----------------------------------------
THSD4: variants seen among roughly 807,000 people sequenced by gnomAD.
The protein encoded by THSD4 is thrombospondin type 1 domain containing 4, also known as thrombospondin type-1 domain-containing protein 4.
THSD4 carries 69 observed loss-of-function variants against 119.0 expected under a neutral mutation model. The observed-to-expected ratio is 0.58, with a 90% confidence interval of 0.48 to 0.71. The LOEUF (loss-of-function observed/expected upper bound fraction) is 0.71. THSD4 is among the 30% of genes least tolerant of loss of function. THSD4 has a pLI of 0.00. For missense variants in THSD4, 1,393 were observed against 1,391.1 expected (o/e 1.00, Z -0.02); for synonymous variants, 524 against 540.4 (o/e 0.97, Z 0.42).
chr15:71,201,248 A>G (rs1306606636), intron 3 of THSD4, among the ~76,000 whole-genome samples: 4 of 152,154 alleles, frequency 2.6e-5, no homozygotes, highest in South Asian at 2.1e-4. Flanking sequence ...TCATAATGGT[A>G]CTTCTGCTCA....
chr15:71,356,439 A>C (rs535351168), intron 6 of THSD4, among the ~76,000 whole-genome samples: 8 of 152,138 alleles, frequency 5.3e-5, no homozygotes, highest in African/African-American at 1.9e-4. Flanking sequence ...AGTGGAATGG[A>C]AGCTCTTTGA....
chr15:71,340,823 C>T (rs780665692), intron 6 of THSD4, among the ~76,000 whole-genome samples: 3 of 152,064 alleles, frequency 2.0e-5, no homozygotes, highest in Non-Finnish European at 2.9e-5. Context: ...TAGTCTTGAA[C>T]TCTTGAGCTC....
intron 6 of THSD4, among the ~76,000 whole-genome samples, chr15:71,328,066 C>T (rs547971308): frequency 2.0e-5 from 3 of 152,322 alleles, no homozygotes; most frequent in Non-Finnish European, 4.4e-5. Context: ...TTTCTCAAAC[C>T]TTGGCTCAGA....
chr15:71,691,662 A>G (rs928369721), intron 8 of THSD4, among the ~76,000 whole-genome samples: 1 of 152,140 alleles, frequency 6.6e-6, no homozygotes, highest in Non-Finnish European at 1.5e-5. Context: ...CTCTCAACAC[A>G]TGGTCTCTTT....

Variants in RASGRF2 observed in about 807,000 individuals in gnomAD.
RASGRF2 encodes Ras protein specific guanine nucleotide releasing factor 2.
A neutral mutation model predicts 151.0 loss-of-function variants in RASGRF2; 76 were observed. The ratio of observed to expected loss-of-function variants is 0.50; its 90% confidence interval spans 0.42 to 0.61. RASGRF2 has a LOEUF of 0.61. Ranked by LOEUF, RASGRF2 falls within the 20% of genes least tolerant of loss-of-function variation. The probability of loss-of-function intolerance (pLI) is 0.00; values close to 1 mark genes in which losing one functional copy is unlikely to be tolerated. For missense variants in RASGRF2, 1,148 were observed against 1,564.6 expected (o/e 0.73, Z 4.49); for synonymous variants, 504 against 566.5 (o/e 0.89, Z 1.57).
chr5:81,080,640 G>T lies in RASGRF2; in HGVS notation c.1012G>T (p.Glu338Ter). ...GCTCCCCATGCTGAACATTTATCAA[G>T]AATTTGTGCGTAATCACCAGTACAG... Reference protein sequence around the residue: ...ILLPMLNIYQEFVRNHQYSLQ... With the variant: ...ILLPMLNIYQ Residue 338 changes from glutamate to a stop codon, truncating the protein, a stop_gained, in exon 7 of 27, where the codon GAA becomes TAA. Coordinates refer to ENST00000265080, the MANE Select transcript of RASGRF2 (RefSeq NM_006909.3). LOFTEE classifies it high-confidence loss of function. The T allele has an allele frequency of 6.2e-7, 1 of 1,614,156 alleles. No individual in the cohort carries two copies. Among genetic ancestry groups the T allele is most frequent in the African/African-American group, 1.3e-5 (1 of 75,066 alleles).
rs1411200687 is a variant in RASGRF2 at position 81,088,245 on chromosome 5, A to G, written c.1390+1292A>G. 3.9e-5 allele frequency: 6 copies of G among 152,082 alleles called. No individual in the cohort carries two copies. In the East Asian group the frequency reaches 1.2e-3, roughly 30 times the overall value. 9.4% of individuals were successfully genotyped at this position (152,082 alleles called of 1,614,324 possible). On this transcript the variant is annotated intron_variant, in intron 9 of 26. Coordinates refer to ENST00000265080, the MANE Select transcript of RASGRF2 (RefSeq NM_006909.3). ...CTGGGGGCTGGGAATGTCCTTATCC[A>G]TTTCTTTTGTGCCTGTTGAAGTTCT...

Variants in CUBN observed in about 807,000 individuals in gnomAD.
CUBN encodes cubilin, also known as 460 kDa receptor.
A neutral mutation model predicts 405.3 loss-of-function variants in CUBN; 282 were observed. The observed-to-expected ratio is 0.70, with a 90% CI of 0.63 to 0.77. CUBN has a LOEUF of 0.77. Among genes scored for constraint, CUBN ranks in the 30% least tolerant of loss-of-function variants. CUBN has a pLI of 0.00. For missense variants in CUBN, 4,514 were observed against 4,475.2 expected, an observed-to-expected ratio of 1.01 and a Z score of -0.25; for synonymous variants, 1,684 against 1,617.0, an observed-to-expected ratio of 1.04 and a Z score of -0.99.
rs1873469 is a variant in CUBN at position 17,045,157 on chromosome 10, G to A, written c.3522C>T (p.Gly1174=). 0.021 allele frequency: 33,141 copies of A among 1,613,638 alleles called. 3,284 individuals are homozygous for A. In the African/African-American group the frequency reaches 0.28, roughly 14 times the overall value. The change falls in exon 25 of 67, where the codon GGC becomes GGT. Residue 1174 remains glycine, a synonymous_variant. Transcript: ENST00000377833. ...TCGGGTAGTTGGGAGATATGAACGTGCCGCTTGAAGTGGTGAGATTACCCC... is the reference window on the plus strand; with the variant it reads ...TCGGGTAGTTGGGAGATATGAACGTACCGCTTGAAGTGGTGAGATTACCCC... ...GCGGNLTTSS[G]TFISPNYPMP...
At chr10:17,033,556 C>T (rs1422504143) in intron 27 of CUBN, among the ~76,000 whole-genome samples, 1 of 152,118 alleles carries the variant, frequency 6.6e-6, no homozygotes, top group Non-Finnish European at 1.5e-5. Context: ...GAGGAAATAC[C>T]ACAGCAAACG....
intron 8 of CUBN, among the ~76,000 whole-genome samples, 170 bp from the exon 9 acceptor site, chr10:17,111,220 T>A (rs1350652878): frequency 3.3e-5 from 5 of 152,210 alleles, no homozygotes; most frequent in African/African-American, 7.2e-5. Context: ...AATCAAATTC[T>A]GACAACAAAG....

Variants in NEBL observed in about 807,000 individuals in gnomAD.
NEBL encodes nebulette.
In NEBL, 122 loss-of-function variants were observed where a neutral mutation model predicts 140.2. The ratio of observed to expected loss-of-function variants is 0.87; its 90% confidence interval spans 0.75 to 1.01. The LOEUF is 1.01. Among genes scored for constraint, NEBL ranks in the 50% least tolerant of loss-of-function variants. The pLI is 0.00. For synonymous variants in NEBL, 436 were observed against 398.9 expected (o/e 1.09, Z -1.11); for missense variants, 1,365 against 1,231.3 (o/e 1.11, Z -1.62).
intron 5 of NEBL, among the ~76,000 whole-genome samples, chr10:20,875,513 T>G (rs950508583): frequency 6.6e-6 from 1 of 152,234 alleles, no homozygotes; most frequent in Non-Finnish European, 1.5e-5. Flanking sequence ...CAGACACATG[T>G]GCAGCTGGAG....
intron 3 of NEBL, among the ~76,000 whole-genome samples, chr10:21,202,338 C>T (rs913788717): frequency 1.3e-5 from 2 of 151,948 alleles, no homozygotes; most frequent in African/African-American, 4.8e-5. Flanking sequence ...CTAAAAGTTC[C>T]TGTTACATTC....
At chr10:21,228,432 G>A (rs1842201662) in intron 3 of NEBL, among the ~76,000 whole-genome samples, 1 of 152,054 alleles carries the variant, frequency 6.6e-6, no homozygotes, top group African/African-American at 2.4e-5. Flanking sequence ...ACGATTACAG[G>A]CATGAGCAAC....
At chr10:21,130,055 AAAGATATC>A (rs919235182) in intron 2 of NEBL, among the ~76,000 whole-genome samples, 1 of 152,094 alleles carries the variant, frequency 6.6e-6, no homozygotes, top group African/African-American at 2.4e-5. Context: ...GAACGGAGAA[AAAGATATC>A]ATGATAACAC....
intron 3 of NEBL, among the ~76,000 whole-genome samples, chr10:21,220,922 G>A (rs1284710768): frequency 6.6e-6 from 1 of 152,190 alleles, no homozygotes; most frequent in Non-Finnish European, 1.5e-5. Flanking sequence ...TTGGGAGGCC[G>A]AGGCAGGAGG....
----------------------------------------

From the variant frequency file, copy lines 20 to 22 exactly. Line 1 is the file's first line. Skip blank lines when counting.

Variants in NEBL observed in about 807,000 individuals in gnomAD.
NEBL encodes nebulette.
In NEBL, 122 loss-of-function variants were observed where a neutral mutation model predicts 140.2. The ratio of observed to expected loss-of-function variants is 0.87; its 90% confidence interval spans 0.75 to 1.01. The LOEUF is 1.01. Among genes scored for constraint, NEBL ranks in the 50% least tolerant of loss-of-function variants. The pLI is 0.00. For synonymous variants in NEBL, 436 were observed against 398.9 expected (o/e 1.09, Z -1.11); for missense variants, 1,365 against 1,231.3 (o/e 1.11, Z -1.62).